Monday, February 25, 2013

The Last Thing - What our Death Shows Us

Catholics at one time were told to meditate on the Four Last Things -Death, Judgment, Heaven and Hell.  As  a Lenten practice, may I suggest the following.

Jesus in the Garden - Frankenstein, Missouri cemetery
If you were to die within the next five minutes, and you knew it, what would be the story of your life?  I don't just mean milestones like births, deaths, marriages, jobs and graduations - the sort of stuff that make up obituaries - I mean the inner story of your life.

We all know, secretly, that we will be judged at death by how well we have responded to God's grace, how well have we been true to Him, how well we have followed His light, according to our own lights.  In short, we each privately know how well we have borne His cross, or the many crosses He has given us.

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If I were to prepare to die in five minutes, I would assess my life and then honestly ask God to forgive me where I've fallen short.  And the odd thing is, I would care, in these last moments, less about my worldly successes or failures, than about how true I've been, how loyal I've been to the Truth - especially in small and unguarded moments, especially where love was the primary thing demanded of me.  That is what counts.

Have I been true to God, even at personal cost to myself?  Even if it made others mad?  Even if I lost friends over it?  Even if I lost money over it?  And in the depths of my marriage - in those intimate family moments that no one else sees but your wife and kids - have I been true to my wife and children?  Have I been a witness to love?  That question goes beyond whether or not I've committed adultery.  It goes to the heart of the matter: have I been the primary force in their lives for bringing them to Christ?  Have I set boundaries and made "tough love" decisions, even if it cost me a few temper tantrums or a few nights on the couch?

And have I been true to that nasty little nagging thing in the center of my soul that I don't like to listen to?  Call it the conscience or the still small voice, or the Holy Spirit who goads us, we all know what it is; though we often can't hear it except in moments of great crisis or great silence.  Sometimes the more noise we make about "following our conscience", the more we are shirking it.  For example, there would be no push for "gay marriage" if sodomy and Lesbianism really brought peace to the inner voice of those who indulge in such acts.  And if this blog has taught me anything, it's taught me that people make outlandish arguments and defend irrational statements for one reason only - to soothe a nagging conscience.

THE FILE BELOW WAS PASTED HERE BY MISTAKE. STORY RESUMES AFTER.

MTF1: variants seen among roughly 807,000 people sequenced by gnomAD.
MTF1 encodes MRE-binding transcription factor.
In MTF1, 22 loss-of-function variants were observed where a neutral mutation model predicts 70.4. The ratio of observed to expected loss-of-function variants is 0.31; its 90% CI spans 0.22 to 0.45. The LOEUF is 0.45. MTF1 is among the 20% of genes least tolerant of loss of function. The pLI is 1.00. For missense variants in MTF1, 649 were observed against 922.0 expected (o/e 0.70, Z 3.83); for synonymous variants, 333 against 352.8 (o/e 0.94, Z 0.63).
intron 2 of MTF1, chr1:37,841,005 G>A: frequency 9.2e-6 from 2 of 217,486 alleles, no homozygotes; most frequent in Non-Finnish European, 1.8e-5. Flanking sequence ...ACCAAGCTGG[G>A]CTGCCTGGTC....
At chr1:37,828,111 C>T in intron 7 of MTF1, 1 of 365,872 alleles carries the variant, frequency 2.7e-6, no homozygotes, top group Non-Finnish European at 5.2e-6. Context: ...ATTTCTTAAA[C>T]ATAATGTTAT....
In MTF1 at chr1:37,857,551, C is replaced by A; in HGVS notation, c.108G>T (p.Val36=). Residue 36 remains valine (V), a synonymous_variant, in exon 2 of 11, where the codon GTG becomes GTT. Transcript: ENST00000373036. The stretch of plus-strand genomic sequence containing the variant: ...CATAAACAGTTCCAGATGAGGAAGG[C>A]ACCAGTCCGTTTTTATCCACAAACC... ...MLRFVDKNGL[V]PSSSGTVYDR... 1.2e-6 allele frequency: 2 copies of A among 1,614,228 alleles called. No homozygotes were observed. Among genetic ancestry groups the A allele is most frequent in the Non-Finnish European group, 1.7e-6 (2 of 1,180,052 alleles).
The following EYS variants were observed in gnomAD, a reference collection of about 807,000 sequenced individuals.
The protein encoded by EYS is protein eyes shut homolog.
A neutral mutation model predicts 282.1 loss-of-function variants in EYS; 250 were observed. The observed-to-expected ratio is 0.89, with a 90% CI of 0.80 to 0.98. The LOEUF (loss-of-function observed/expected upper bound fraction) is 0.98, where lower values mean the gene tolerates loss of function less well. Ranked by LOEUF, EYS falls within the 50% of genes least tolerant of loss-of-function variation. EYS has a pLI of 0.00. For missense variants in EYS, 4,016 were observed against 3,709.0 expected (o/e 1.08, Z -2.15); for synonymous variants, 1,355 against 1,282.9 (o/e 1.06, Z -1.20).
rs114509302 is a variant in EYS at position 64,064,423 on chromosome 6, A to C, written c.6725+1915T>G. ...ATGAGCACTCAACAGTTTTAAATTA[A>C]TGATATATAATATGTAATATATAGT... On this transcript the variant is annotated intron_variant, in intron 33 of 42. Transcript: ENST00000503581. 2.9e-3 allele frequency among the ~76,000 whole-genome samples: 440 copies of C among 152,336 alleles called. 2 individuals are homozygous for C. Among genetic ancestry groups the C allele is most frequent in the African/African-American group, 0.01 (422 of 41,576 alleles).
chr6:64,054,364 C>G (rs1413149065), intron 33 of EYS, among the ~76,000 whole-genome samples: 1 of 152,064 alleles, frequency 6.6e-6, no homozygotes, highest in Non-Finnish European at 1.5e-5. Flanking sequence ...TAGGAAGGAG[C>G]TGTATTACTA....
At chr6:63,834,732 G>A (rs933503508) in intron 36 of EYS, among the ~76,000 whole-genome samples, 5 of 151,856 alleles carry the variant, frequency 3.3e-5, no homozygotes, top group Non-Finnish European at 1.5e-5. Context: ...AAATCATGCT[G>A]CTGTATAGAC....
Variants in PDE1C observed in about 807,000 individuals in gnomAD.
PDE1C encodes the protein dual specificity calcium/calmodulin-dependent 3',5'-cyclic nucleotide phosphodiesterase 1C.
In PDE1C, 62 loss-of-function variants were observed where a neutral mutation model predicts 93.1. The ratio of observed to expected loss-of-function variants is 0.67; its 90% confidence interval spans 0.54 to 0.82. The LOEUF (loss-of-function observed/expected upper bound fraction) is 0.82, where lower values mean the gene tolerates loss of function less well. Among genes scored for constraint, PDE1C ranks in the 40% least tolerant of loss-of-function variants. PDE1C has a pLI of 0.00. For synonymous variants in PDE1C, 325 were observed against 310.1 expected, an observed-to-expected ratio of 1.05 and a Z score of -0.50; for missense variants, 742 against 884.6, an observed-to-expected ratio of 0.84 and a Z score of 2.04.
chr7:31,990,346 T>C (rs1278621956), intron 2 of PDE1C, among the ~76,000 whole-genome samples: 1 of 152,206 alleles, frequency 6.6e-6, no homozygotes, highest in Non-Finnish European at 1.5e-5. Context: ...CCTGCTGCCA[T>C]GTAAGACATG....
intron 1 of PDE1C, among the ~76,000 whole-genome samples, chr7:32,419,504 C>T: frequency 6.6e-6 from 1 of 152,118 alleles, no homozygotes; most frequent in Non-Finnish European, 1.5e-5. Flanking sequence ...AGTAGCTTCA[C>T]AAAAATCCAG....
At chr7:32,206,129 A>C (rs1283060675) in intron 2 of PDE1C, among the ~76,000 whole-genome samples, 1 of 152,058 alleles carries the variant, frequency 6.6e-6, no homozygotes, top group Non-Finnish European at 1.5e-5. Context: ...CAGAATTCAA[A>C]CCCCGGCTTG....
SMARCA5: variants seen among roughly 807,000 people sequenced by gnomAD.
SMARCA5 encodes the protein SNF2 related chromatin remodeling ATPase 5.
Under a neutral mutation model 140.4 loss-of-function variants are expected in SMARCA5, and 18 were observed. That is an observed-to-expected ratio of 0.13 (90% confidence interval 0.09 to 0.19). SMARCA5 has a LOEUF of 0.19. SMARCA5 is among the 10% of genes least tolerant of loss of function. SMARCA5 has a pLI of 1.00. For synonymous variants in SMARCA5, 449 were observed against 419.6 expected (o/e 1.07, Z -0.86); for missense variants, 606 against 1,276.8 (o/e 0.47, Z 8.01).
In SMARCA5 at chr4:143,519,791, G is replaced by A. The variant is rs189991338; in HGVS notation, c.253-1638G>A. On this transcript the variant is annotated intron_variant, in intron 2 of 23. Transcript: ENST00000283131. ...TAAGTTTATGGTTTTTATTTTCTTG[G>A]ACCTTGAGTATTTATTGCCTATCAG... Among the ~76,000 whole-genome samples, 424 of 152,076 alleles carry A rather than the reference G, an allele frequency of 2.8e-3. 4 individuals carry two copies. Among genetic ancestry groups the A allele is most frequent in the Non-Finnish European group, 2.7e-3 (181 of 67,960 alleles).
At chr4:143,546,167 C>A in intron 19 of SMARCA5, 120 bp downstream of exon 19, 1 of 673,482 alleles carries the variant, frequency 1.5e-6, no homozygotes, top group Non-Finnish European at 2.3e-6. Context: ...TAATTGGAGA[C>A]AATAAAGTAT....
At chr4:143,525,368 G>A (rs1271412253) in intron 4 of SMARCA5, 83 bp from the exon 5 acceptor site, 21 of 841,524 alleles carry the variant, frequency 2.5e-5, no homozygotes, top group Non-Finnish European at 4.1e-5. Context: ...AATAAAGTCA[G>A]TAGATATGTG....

In short, how have I loved?  How have we loved?  For love is so much more than being nice.  It is a patient faith and trust in God that He will work through your own unworthy instrument (your self) to bring other people along the Way - which is always the Way of the Cross.  Love is letting Him use you to bear your cross and to help others bear theirs.

And this is the question each of us can answer, but we shrink from even asking - have we borne the cross He has given us, or have we shirked it?  Most of us spend most of our time and effort and energy in an elaborate and exhausting attempt to dump His cross and to find some lighter baggage of our own to carry.

You know, dear reader, what your cross is.  I don't.  I can guess, and sometimes our friends know better than we do.  Are you 300-pounds and defensive about your weight?  Are you doing everything you can to force a romantic relationship into the pre-set mold you've shaped for it?  Are you living with a spouse who demands you enable his or her addiction through a kind of co-dependence?  Are you sexually promiscuous (even shy of penetration) and telling yourself it's no big deal and it's making you happy?  Are you Catholic but unwilling simply to accept the Church and her teachings?  Are you tying yourself in knots and spending all of your spare time and energy covering for a problem or a sin that you should simply confront and solve, with the help of God's grace?

All of these things become problems that can only be solved in one way - trusting God to lead us.  Allowing Him to come in at every moment, so that the little moments, day by day and step by step, bring us closer to His will, which is His Kingdom.

1 comment:

roger t said...

This is really very good. Thank you.